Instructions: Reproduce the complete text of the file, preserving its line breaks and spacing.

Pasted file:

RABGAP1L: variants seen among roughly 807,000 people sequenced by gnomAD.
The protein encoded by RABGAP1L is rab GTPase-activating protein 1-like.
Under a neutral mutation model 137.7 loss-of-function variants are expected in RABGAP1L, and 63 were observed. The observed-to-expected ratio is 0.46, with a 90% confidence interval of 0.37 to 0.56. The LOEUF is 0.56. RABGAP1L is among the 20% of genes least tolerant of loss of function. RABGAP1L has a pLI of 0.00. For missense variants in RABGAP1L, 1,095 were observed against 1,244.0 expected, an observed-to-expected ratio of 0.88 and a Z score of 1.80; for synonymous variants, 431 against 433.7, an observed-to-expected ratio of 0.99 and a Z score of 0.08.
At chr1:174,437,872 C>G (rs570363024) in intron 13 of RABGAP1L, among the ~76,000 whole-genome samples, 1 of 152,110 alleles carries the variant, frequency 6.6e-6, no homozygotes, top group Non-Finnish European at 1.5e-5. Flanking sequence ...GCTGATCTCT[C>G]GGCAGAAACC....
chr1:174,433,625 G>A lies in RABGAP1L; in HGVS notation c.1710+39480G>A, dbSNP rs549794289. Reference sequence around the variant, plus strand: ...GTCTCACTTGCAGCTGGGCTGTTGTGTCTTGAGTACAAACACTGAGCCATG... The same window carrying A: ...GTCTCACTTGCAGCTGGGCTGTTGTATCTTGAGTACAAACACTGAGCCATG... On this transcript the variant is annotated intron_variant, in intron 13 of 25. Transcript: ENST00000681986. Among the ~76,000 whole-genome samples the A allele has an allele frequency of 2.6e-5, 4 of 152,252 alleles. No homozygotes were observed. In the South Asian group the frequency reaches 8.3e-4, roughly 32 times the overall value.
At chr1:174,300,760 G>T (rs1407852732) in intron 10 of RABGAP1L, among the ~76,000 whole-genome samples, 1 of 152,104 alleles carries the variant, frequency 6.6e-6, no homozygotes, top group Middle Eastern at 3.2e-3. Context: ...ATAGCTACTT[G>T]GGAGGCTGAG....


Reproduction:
RABGAP1L: variants seen among roughly 807,000 people sequenced by gnomAD.
The protein encoded by RABGAP1L is rab GTPase-activating protein 1-like.
Under a neutral mutation model 137.7 loss-of-function variants are expected in RABGAP1L, and 63 were observed. The observed-to-expected ratio is 0.46, with a 90% confidence interval of 0.37 to 0.56. The LOEUF is 0.56. RABGAP1L is among the 20% of genes least tolerant of loss of function. RABGAP1L has a pLI of 0.00. For missense variants in RABGAP1L, 1,095 were observed against 1,244.0 expected, an observed-to-expected ratio of 0.88 and a Z score of 1.80; for synonymous variants, 431 against 433.7, an observed-to-expected ratio of 0.99 and a Z score of 0.08.
At chr1:174,437,872 C>G (rs570363024) in intron 13 of RABGAP1L, among the ~76,000 whole-genome samples, 1 of 152,110 alleles carries the variant, frequency 6.6e-6, no homozygotes, top group Non-Finnish European at 1.5e-5. Flanking sequence ...GCTGATCTCT[C>G]GGCAGAAACC....
chr1:174,433,625 G>A lies in RABGAP1L; in HGVS notation c.1710+39480G>A, dbSNP rs549794289. Reference sequence around the variant, plus strand: ...GTCTCACTTGCAGCTGGGCTGTTGTGTCTTGAGTACAAACACTGAGCCATG... The same window carrying A: ...GTCTCACTTGCAGCTGGGCTGTTGTATCTTGAGTACAAACACTGAGCCATG... On this transcript the variant is annotated intron_variant, in intron 13 of 25. Transcript: ENST00000681986. Among the ~76,000 whole-genome samples the A allele has an allele frequency of 2.6e-5, 4 of 152,252 alleles. No homozygotes were observed. In the South Asian group the frequency reaches 8.3e-4, roughly 32 times the overall value.
At chr1:174,300,760 G>T (rs1407852732) in intron 10 of RABGAP1L, among the ~76,000 whole-genome samples, 1 of 152,104 alleles carries the variant, frequency 6.6e-6, no homozygotes, top group Middle Eastern at 3.2e-3. Context: ...ATAGCTACTT[G>T]GGAGGCTGAG....